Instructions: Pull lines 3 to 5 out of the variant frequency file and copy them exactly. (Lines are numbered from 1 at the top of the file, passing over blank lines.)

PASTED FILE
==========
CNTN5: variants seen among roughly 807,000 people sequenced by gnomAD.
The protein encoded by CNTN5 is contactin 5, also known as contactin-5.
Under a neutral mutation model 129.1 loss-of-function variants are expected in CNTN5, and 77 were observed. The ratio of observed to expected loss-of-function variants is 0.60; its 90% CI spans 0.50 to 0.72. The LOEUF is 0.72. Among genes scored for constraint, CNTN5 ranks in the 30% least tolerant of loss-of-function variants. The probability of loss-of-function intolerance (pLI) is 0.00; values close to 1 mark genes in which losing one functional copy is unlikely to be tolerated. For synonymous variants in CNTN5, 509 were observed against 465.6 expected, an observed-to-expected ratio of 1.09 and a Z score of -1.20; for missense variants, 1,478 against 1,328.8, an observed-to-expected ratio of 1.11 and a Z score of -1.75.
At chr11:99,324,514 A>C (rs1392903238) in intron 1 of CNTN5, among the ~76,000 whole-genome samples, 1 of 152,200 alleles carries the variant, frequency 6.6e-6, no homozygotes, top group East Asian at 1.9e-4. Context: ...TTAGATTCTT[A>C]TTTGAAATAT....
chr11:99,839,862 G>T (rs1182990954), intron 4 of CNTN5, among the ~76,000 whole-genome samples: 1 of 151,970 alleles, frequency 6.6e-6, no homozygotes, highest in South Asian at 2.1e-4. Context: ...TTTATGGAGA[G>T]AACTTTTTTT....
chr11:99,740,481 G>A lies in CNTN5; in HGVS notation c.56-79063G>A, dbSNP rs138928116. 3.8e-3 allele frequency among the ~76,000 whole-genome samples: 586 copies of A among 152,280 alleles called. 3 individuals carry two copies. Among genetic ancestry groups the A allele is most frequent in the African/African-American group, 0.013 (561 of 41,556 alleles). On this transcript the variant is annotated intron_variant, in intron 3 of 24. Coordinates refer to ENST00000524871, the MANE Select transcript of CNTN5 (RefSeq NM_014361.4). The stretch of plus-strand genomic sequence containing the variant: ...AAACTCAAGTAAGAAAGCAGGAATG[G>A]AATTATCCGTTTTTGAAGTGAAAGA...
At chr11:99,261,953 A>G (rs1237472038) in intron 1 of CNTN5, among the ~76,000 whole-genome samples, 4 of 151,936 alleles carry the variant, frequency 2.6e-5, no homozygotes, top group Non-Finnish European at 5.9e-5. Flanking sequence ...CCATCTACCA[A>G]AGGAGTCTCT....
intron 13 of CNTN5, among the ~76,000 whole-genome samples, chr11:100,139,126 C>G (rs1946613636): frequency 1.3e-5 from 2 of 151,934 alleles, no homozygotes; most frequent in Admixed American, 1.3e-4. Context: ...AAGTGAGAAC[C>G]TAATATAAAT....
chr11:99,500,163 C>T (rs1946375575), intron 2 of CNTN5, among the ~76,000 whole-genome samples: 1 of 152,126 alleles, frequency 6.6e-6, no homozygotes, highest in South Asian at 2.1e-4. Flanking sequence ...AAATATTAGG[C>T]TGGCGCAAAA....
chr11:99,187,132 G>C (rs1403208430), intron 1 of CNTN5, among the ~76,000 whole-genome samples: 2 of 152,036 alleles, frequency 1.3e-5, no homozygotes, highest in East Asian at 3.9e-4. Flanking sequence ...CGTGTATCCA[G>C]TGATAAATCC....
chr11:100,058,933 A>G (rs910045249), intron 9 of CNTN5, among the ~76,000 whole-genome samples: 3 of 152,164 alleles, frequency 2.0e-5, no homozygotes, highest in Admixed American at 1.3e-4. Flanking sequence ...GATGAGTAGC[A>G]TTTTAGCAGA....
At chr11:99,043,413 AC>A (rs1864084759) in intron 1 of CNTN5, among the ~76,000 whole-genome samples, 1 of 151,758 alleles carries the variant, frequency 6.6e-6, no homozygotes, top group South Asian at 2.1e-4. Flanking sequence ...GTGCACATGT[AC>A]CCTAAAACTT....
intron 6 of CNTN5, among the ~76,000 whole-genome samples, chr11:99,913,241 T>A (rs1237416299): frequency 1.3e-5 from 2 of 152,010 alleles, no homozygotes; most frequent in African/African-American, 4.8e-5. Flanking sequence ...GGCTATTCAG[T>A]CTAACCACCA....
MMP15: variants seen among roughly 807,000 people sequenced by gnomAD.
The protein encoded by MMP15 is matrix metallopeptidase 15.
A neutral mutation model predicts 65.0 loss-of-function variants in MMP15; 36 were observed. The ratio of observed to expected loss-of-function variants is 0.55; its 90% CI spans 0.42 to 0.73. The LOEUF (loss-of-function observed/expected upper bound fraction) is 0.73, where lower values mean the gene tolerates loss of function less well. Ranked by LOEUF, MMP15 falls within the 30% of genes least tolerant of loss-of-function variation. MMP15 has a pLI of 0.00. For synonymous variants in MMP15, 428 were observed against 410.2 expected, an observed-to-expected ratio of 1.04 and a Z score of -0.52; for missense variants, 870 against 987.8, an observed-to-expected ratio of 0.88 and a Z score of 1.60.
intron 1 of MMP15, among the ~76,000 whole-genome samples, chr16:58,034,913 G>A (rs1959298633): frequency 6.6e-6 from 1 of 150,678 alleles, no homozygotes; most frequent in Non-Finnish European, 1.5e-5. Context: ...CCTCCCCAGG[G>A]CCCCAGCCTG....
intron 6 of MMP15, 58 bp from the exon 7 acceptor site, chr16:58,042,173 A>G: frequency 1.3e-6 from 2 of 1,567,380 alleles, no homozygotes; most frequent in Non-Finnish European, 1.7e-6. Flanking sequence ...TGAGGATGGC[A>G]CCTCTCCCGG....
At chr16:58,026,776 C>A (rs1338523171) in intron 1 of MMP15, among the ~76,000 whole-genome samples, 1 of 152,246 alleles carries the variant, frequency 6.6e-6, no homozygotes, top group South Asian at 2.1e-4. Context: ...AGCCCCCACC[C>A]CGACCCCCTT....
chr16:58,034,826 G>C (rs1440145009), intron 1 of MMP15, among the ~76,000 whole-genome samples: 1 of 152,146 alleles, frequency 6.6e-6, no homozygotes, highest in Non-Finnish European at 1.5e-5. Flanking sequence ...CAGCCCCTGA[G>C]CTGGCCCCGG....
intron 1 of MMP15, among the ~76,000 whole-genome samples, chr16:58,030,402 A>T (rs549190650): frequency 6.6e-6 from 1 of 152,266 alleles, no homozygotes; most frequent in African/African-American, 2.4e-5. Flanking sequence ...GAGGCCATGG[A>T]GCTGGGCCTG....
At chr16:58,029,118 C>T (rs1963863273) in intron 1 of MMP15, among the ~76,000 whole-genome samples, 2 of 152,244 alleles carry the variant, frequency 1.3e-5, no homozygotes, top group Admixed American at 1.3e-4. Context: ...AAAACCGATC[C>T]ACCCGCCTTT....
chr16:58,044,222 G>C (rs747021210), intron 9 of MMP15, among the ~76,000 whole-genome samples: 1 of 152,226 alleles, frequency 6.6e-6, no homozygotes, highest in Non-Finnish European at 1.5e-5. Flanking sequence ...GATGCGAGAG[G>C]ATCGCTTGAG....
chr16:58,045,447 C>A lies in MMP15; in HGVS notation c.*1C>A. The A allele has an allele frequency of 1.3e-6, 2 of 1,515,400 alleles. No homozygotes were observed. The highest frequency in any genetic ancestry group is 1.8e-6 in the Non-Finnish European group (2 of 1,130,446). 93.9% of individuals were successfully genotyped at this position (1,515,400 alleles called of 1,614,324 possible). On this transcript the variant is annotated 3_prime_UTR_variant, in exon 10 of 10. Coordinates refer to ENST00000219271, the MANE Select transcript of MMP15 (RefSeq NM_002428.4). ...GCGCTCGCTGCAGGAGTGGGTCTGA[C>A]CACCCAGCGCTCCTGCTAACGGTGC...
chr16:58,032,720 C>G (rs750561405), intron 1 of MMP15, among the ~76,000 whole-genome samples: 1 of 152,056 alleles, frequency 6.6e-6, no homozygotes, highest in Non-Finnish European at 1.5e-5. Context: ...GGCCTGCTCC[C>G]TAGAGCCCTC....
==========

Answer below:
Under a neutral mutation model 129.1 loss-of-function variants are expected in CNTN5, and 77 were observed. The ratio of observed to expected loss-of-function variants is 0.60; its 90% CI spans 0.50 to 0.72. The LOEUF is 0.72. Among genes scored for constraint, CNTN5 ranks in the 30% least tolerant of loss-of-function variants. The probability of loss-of-function intolerance (pLI) is 0.00; values close to 1 mark genes in which losing one functional copy is unlikely to be tolerated. For synonymous variants in CNTN5, 509 were observed against 465.6 expected, an observed-to-expected ratio of 1.09 and a Z score of -1.20; for missense variants, 1,478 against 1,328.8, an observed-to-expected ratio of 1.11 and a Z score of -1.75.
At chr11:99,324,514 A>C (rs1392903238) in intron 1 of CNTN5, among the ~76,000 whole-genome samples, 1 of 152,200 alleles carries the variant, frequency 6.6e-6, no homozygotes, top group East Asian at 1.9e-4. Context: ...TTAGATTCTT[A>C]TTTGAAATAT....
chr11:99,839,862 G>T (rs1182990954), intron 4 of CNTN5, among the ~76,000 whole-genome samples: 1 of 151,970 alleles, frequency 6.6e-6, no homozygotes, highest in South Asian at 2.1e-4. Context: ...TTTATGGAGA[G>T]AACTTTTTTT....